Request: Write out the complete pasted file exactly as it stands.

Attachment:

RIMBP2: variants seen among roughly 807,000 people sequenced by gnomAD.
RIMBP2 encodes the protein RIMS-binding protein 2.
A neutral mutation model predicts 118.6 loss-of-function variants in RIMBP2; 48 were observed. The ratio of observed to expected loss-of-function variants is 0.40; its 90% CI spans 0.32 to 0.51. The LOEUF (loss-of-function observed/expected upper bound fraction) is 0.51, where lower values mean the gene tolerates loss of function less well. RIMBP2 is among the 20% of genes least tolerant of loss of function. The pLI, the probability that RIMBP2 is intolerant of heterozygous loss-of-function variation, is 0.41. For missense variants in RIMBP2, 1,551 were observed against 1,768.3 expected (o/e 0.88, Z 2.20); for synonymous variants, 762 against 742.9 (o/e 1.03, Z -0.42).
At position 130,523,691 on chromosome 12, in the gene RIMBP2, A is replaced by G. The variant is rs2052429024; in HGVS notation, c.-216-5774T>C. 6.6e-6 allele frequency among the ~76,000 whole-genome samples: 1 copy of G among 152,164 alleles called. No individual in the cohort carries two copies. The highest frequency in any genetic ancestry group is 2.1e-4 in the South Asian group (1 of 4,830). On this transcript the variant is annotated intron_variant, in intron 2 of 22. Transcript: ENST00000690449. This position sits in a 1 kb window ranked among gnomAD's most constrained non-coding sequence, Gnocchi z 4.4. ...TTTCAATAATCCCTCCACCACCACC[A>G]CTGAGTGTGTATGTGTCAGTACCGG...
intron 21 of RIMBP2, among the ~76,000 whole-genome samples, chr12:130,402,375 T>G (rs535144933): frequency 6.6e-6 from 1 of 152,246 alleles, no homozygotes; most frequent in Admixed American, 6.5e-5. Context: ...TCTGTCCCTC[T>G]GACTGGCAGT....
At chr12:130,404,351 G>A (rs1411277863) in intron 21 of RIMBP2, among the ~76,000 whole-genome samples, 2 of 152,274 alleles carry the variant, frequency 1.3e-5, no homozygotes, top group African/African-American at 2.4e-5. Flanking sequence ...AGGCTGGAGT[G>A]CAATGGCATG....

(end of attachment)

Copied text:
RIMBP2: variants seen among roughly 807,000 people sequenced by gnomAD.
RIMBP2 encodes the protein RIMS-binding protein 2.
A neutral mutation model predicts 118.6 loss-of-function variants in RIMBP2; 48 were observed. The ratio of observed to expected loss-of-function variants is 0.40; its 90% CI spans 0.32 to 0.51. The LOEUF (loss-of-function observed/expected upper bound fraction) is 0.51, where lower values mean the gene tolerates loss of function less well. RIMBP2 is among the 20% of genes least tolerant of loss of function. The pLI, the probability that RIMBP2 is intolerant of heterozygous loss-of-function variation, is 0.41. For missense variants in RIMBP2, 1,551 were observed against 1,768.3 expected (o/e 0.88, Z 2.20); for synonymous variants, 762 against 742.9 (o/e 1.03, Z -0.42).
At position 130,523,691 on chromosome 12, in the gene RIMBP2, A is replaced by G. The variant is rs2052429024; in HGVS notation, c.-216-5774T>C. 6.6e-6 allele frequency among the ~76,000 whole-genome samples: 1 copy of G among 152,164 alleles called. No individual in the cohort carries two copies. The highest frequency in any genetic ancestry group is 2.1e-4 in the South Asian group (1 of 4,830). On this transcript the variant is annotated intron_variant, in intron 2 of 22. Transcript: ENST00000690449. This position sits in a 1 kb window ranked among gnomAD's most constrained non-coding sequence, Gnocchi z 4.4. ...TTTCAATAATCCCTCCACCACCACC[A>G]CTGAGTGTGTATGTGTCAGTACCGG...
intron 21 of RIMBP2, among the ~76,000 whole-genome samples, chr12:130,402,375 T>G (rs535144933): frequency 6.6e-6 from 1 of 152,246 alleles, no homozygotes; most frequent in Admixed American, 6.5e-5. Context: ...TCTGTCCCTC[T>G]GACTGGCAGT....
At chr12:130,404,351 G>A (rs1411277863) in intron 21 of RIMBP2, among the ~76,000 whole-genome samples, 2 of 152,274 alleles carry the variant, frequency 1.3e-5, no homozygotes, top group African/African-American at 2.4e-5. Flanking sequence ...AGGCTGGAGT[G>A]CAATGGCATG....